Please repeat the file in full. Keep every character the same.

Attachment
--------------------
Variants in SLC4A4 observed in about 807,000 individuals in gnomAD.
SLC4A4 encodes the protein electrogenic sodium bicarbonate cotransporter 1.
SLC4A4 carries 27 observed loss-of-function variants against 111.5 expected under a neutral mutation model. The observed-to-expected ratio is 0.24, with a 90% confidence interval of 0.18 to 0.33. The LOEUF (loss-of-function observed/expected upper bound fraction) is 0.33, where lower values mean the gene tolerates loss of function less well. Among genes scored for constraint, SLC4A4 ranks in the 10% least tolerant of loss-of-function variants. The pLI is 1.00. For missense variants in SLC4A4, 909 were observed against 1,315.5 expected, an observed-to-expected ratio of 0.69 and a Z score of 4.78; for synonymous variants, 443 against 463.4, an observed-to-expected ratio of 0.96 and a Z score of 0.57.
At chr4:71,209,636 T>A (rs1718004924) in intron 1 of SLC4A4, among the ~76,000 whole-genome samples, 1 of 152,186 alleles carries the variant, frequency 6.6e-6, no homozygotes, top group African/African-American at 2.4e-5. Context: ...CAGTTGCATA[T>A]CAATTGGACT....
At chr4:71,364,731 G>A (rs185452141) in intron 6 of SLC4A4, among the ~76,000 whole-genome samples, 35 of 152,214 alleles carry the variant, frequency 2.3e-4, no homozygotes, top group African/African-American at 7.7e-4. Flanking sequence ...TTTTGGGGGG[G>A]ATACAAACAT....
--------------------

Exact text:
Variants in SLC4A4 observed in about 807,000 individuals in gnomAD.
SLC4A4 encodes the protein electrogenic sodium bicarbonate cotransporter 1.
SLC4A4 carries 27 observed loss-of-function variants against 111.5 expected under a neutral mutation model. The observed-to-expected ratio is 0.24, with a 90% confidence interval of 0.18 to 0.33. The LOEUF (loss-of-function observed/expected upper bound fraction) is 0.33, where lower values mean the gene tolerates loss of function less well. Among genes scored for constraint, SLC4A4 ranks in the 10% least tolerant of loss-of-function variants. The pLI is 1.00. For missense variants in SLC4A4, 909 were observed against 1,315.5 expected, an observed-to-expected ratio of 0.69 and a Z score of 4.78; for synonymous variants, 443 against 463.4, an observed-to-expected ratio of 0.96 and a Z score of 0.57.
At chr4:71,209,636 T>A (rs1718004924) in intron 1 of SLC4A4, among the ~76,000 whole-genome samples, 1 of 152,186 alleles carries the variant, frequency 6.6e-6, no homozygotes, top group African/African-American at 2.4e-5. Context: ...CAGTTGCATA[T>A]CAATTGGACT....
At chr4:71,364,731 G>A (rs185452141) in intron 6 of SLC4A4, among the ~76,000 whole-genome samples, 35 of 152,214 alleles carry the variant, frequency 2.3e-4, no homozygotes, top group African/African-American at 7.7e-4. Flanking sequence ...TTTTGGGGGG[G>A]ATACAAACAT....